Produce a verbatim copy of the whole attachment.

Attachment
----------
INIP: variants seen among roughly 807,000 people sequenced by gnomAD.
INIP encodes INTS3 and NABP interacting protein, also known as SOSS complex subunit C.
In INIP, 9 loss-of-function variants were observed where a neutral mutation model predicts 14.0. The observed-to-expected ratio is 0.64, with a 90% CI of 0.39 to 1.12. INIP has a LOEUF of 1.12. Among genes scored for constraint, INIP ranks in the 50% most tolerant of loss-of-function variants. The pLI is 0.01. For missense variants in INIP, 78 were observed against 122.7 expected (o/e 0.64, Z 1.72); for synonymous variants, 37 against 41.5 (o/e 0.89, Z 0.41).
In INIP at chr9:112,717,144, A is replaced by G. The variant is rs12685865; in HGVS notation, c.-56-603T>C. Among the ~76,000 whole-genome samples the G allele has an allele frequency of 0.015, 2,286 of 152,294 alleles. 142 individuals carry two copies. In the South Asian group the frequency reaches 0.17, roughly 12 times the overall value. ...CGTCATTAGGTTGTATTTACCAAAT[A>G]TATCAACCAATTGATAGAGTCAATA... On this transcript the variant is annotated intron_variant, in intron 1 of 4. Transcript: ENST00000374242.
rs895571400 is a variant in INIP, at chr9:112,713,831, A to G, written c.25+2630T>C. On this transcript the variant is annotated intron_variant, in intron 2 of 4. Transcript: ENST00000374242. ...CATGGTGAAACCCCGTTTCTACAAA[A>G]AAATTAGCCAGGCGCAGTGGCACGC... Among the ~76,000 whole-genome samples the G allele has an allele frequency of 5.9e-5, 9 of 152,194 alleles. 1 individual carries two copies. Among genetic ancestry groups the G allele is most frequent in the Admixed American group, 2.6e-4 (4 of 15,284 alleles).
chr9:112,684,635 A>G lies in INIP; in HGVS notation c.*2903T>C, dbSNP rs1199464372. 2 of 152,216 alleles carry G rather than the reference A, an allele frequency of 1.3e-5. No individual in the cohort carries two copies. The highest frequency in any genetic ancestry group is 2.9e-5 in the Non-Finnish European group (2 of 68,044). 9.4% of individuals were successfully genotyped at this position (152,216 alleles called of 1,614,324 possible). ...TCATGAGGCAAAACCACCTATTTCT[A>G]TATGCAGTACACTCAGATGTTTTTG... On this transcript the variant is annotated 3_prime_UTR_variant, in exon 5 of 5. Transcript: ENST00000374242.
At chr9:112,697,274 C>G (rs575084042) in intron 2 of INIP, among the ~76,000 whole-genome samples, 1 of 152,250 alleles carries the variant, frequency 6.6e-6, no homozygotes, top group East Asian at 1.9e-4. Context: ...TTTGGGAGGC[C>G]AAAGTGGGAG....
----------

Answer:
INIP: variants seen among roughly 807,000 people sequenced by gnomAD.
INIP encodes INTS3 and NABP interacting protein, also known as SOSS complex subunit C.
In INIP, 9 loss-of-function variants were observed where a neutral mutation model predicts 14.0. The observed-to-expected ratio is 0.64, with a 90% CI of 0.39 to 1.12. INIP has a LOEUF of 1.12. Among genes scored for constraint, INIP ranks in the 50% most tolerant of loss-of-function variants. The pLI is 0.01. For missense variants in INIP, 78 were observed against 122.7 expected (o/e 0.64, Z 1.72); for synonymous variants, 37 against 41.5 (o/e 0.89, Z 0.41).
In INIP at chr9:112,717,144, A is replaced by G. The variant is rs12685865; in HGVS notation, c.-56-603T>C. Among the ~76,000 whole-genome samples the G allele has an allele frequency of 0.015, 2,286 of 152,294 alleles. 142 individuals carry two copies. In the South Asian group the frequency reaches 0.17, roughly 12 times the overall value. ...CGTCATTAGGTTGTATTTACCAAAT[A>G]TATCAACCAATTGATAGAGTCAATA... On this transcript the variant is annotated intron_variant, in intron 1 of 4. Transcript: ENST00000374242.
rs895571400 is a variant in INIP, at chr9:112,713,831, A to G, written c.25+2630T>C. On this transcript the variant is annotated intron_variant, in intron 2 of 4. Transcript: ENST00000374242. ...CATGGTGAAACCCCGTTTCTACAAA[A>G]AAATTAGCCAGGCGCAGTGGCACGC... Among the ~76,000 whole-genome samples the G allele has an allele frequency of 5.9e-5, 9 of 152,194 alleles. 1 individual carries two copies. Among genetic ancestry groups the G allele is most frequent in the Admixed American group, 2.6e-4 (4 of 15,284 alleles).
chr9:112,684,635 A>G lies in INIP; in HGVS notation c.*2903T>C, dbSNP rs1199464372. 2 of 152,216 alleles carry G rather than the reference A, an allele frequency of 1.3e-5. No individual in the cohort carries two copies. The highest frequency in any genetic ancestry group is 2.9e-5 in the Non-Finnish European group (2 of 68,044). 9.4% of individuals were successfully genotyped at this position (152,216 alleles called of 1,614,324 possible). ...TCATGAGGCAAAACCACCTATTTCT[A>G]TATGCAGTACACTCAGATGTTTTTG... On this transcript the variant is annotated 3_prime_UTR_variant, in exon 5 of 5. Transcript: ENST00000374242.
At chr9:112,697,274 C>G (rs575084042) in intron 2 of INIP, among the ~76,000 whole-genome samples, 1 of 152,250 alleles carries the variant, frequency 6.6e-6, no homozygotes, top group East Asian at 1.9e-4. Context: ...TTTGGGAGGC[C>G]AAAGTGGGAG....